Stories abound that when a baby cried in Thyolo, the mother gave it a banana before breastfeeding it.
That is how Thyolo natives proudly but jokingly talked big of the abundance of the fruit they valued most – bananas.
It was not until the evergreen canopy surrounding homes turned yellow, wilted and then completely dried that the mothers learnt to breastfeed a crying baby.
The banana plantations on which the people’s livelihoods depended slowly succumbed to an unknown disease, rendering them destitute.
In an apparent resignation to her fate, Rose Julio, 56, helplessly gazed at her banana garden which used to be her only source of livelihood being wiped out by Banana Bunchy Top disease also known as Chisaka in vernacular.
Julio saw her life crumbling down because she could not imagine life without bananas.
“I depended on bananas all my life. Losing the crop was a blow to the whole community,” laments Julio, a mother of eight who also looks after some grandchildren.
Thyolo remains a shadow of its former self as it has only one banana seller at the district’s main market.
The trader, Maxwell Chipoya, plying his business at Thyolo Boma Market, says life is tough now because he struggles to get bananas.
“We get the bananas from Mozambique through Mulanje. Sometimes our friends from that side bring the fruit here but it is expensive.
“My business has been greatly affected, but there’s nothing I can do; I just have to struggle to make ends meet,” Chipoya says.
Not long ago, Mulanje and Thyolo were the banana fruit basket supplying Blantyre, Lilongwe and Zomba. Truckloads of bananas were on the roads to the cities every day.
When the Banana Bunchy Top disease was discovered in the early 1990s, people did not anticipate that it would cause huge havoc.
With the passage of time, the disease engulfed major banana growing districts across the country.
Immediately, the Ministry of Agriculture, Irrigation and Water Development responded by advising famers to uproot and burn all the affected bananas in the fields.
However, some farmers did not comply.
Over time, the supply of the fruit in the country’s markets started to dwindle and later became scarce.
The development forced people in banana fruit business to cross the borders to Mozambique and Tanzania.
A visit to most markets established that benches were dominated by bananas from Tanzania and Mozambique – a very unfortunate situation for the country’s economy.
But Julio and Chipoya as well as Malawians at large have a reason to smile as Thyolo has started producing bananas from the newly grown plantations distributed through Agriculture Sector Wide Approach Project (Aswap) 1.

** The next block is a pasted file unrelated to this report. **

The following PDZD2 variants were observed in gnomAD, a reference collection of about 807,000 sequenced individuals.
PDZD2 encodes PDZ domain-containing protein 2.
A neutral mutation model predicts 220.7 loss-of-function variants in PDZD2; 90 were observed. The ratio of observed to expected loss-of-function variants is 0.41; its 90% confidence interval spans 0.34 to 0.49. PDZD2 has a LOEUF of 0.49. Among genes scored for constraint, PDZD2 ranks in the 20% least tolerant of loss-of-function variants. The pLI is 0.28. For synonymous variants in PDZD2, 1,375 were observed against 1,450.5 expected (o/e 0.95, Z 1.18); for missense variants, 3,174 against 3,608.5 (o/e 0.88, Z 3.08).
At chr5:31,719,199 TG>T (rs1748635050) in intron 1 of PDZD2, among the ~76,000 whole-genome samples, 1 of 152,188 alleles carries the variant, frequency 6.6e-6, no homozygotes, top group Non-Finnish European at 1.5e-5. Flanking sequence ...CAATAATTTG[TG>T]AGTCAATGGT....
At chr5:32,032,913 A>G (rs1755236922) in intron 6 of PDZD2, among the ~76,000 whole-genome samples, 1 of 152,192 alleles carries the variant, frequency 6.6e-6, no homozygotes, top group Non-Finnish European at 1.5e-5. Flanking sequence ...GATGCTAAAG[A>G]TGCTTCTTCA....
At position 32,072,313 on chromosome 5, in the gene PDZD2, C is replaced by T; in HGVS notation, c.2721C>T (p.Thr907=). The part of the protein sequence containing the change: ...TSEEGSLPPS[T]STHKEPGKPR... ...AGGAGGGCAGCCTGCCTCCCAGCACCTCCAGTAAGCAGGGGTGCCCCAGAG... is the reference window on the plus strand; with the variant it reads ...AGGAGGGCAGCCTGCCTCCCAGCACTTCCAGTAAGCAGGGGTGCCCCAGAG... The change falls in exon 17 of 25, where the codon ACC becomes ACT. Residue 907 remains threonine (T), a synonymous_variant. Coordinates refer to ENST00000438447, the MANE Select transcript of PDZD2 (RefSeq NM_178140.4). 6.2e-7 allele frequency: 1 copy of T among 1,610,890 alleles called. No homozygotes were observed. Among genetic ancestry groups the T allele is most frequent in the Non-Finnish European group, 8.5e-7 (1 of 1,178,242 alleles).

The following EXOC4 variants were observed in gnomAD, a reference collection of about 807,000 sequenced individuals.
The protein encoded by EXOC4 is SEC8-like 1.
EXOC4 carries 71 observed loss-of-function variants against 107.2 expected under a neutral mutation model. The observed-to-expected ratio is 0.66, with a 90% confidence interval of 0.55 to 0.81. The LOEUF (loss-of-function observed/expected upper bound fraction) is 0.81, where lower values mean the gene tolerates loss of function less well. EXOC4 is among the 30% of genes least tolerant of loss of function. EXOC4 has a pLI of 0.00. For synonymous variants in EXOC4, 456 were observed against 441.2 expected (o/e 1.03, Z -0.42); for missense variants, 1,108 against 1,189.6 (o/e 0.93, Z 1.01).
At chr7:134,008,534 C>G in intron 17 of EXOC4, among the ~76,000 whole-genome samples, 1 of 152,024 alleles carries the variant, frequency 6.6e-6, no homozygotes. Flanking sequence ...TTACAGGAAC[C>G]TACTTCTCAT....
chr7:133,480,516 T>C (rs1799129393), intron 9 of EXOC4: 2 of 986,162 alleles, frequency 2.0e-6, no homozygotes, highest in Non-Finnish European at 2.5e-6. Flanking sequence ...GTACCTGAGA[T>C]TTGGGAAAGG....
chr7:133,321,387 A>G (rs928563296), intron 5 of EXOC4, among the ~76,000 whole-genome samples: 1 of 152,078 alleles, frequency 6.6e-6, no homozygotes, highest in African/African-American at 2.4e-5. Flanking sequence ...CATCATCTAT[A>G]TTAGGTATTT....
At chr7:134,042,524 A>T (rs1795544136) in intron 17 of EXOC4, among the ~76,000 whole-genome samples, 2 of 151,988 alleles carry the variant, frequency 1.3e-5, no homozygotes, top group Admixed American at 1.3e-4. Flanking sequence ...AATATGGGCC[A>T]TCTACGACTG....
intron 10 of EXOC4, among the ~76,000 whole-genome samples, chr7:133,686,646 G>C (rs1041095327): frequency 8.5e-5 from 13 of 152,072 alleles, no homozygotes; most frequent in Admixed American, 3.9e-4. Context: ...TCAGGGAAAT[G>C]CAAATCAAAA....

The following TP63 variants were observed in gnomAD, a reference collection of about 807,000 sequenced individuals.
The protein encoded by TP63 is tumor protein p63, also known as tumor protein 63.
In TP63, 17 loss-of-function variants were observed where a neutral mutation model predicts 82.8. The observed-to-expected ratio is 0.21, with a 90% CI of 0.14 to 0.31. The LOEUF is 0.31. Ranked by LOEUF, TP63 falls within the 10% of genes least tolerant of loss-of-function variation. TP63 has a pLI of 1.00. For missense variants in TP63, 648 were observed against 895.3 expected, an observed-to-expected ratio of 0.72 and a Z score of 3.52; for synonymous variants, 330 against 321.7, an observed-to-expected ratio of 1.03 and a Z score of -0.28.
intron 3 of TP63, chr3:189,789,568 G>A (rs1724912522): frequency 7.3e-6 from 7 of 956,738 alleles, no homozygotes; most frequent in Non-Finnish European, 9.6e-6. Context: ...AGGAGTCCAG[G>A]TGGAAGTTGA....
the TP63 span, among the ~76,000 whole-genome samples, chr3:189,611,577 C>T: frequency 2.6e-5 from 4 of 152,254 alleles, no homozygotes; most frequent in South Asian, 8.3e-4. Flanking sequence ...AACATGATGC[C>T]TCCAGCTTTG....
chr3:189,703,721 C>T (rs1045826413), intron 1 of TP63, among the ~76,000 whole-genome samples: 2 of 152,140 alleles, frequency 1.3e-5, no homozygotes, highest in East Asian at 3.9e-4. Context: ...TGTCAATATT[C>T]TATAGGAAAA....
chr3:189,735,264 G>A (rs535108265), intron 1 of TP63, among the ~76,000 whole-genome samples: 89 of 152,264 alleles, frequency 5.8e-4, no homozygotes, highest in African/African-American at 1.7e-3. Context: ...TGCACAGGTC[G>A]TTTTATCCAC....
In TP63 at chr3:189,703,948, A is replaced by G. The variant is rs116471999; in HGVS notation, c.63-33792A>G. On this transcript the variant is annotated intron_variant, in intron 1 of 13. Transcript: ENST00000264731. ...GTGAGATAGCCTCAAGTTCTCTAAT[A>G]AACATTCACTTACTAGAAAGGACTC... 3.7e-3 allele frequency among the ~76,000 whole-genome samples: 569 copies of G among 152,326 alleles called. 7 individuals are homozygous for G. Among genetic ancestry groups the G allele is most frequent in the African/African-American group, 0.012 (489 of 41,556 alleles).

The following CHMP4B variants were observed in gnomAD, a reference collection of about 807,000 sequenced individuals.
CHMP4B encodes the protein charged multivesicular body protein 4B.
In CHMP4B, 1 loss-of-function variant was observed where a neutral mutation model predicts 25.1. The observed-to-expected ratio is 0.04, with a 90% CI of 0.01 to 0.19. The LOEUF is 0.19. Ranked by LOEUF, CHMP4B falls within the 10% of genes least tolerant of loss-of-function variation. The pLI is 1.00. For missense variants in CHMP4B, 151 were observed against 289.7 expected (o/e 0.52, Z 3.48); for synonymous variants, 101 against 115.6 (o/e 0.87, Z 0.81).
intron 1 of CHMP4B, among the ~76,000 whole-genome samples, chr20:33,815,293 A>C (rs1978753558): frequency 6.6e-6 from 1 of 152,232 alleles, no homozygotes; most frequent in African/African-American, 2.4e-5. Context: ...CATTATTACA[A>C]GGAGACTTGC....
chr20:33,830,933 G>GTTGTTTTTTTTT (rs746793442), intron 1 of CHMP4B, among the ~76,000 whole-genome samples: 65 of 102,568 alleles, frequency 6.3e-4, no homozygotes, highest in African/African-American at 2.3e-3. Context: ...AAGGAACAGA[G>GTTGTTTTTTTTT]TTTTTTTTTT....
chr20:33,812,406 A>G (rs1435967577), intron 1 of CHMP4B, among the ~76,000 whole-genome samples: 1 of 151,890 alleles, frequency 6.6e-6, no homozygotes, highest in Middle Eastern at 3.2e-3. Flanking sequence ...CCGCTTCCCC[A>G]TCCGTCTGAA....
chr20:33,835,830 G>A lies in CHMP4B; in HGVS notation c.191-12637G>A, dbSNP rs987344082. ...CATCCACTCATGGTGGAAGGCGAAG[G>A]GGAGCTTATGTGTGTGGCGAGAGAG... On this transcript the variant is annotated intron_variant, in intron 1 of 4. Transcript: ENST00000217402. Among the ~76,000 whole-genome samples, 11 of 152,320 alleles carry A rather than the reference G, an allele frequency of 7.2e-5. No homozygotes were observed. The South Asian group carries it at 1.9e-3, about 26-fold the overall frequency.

Aswap which started distributing banana suckers in 2016 was working with the agriculture sector in persuading farmers to uproot and burn the affected crops.
Thyolo crops officer Fredson Banda says the reluctant farmers did not understand the logic of destroying the existing stems because despite being affected, the crops provided them with a little income.
“It wasn’t easy to convince farmers to uproot the stems. But with the help of extension workers, most farmers complied with the order. The exercise involved the police, whenever necessary,” he says.
Over 50 farming families in Chidzinja Village in Traditional Authority (T/A) Mphuka’s area are banking on the village nursery, which has close to 200 plants, to get clean suckers.
Village Head Chidzinja says considering how the nurseries were doing, there was hope that any time soon every household would have bananas just as it was before.
Apart from promoting banana production in Thyolo, Aswap, in its quest to complement agricultural production is also geared to improve road infrastructure in the district.
About 17 roads are earmarked for construction to enable banana farmers have easy access to markets.
Aswap’s desk officer for Thyolo Richard Thole is optimistic that the district will soon reclaim its lost glory in banana production.
“By the end of this year, 2019, Thyolo will be back to its status as a major banana producing district in the country,” Thole says, confidently.
Traditional leaders are at the centre of the construction and management of the humidity chambers to ensure maximum protection from vandalism.
“The skills acquired through the chamber nurseries will help farmers to continue propagating the suckers and share them to other members of the community in future.
“With good management, bananas take only six months from planting to harvest; so there is hope that bananas will start flooding markets by the end of this year,” Thole says.